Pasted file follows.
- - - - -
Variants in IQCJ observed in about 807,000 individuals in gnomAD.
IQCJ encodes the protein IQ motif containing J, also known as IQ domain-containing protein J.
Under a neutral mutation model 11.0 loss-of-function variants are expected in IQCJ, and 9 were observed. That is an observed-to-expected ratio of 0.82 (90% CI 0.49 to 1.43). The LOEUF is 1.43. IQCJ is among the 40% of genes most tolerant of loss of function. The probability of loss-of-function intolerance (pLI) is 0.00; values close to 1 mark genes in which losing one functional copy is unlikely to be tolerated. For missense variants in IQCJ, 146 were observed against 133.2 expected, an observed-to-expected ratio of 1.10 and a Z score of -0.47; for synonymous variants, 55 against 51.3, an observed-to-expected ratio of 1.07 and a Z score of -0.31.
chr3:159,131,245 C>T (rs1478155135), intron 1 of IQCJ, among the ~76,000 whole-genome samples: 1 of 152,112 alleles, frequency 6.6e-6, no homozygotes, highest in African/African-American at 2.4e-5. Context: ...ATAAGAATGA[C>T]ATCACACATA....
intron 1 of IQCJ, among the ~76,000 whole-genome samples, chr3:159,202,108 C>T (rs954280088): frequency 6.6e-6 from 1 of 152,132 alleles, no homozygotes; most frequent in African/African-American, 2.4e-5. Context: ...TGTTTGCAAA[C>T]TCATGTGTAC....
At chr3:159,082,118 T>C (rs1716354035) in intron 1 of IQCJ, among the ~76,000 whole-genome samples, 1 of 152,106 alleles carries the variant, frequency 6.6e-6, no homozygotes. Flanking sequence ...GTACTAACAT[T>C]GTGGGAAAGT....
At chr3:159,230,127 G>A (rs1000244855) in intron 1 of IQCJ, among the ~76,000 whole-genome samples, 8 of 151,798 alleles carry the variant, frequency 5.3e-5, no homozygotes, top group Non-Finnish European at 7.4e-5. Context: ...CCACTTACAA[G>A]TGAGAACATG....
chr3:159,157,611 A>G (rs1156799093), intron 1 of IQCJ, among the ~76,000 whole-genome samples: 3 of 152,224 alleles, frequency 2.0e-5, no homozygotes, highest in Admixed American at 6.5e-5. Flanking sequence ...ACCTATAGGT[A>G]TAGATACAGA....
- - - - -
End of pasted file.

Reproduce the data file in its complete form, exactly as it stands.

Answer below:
Variants in IQCJ observed in about 807,000 individuals in gnomAD.
IQCJ encodes the protein IQ motif containing J, also known as IQ domain-containing protein J.
Under a neutral mutation model 11.0 loss-of-function variants are expected in IQCJ, and 9 were observed. That is an observed-to-expected ratio of 0.82 (90% CI 0.49 to 1.43). The LOEUF is 1.43. IQCJ is among the 40% of genes most tolerant of loss of function. The probability of loss-of-function intolerance (pLI) is 0.00; values close to 1 mark genes in which losing one functional copy is unlikely to be tolerated. For missense variants in IQCJ, 146 were observed against 133.2 expected, an observed-to-expected ratio of 1.10 and a Z score of -0.47; for synonymous variants, 55 against 51.3, an observed-to-expected ratio of 1.07 and a Z score of -0.31.
chr3:159,131,245 C>T (rs1478155135), intron 1 of IQCJ, among the ~76,000 whole-genome samples: 1 of 152,112 alleles, frequency 6.6e-6, no homozygotes, highest in African/African-American at 2.4e-5. Context: ...ATAAGAATGA[C>T]ATCACACATA....
intron 1 of IQCJ, among the ~76,000 whole-genome samples, chr3:159,202,108 C>T (rs954280088): frequency 6.6e-6 from 1 of 152,132 alleles, no homozygotes; most frequent in African/African-American, 2.4e-5. Context: ...TGTTTGCAAA[C>T]TCATGTGTAC....
At chr3:159,082,118 T>C (rs1716354035) in intron 1 of IQCJ, among the ~76,000 whole-genome samples, 1 of 152,106 alleles carries the variant, frequency 6.6e-6, no homozygotes. Flanking sequence ...GTACTAACAT[T>C]GTGGGAAAGT....
At chr3:159,230,127 G>A (rs1000244855) in intron 1 of IQCJ, among the ~76,000 whole-genome samples, 8 of 151,798 alleles carry the variant, frequency 5.3e-5, no homozygotes, top group Non-Finnish European at 7.4e-5. Context: ...CCACTTACAA[G>A]TGAGAACATG....
chr3:159,157,611 A>G (rs1156799093), intron 1 of IQCJ, among the ~76,000 whole-genome samples: 3 of 152,224 alleles, frequency 2.0e-5, no homozygotes, highest in Admixed American at 6.5e-5. Flanking sequence ...ACCTATAGGT[A>G]TAGATACAGA....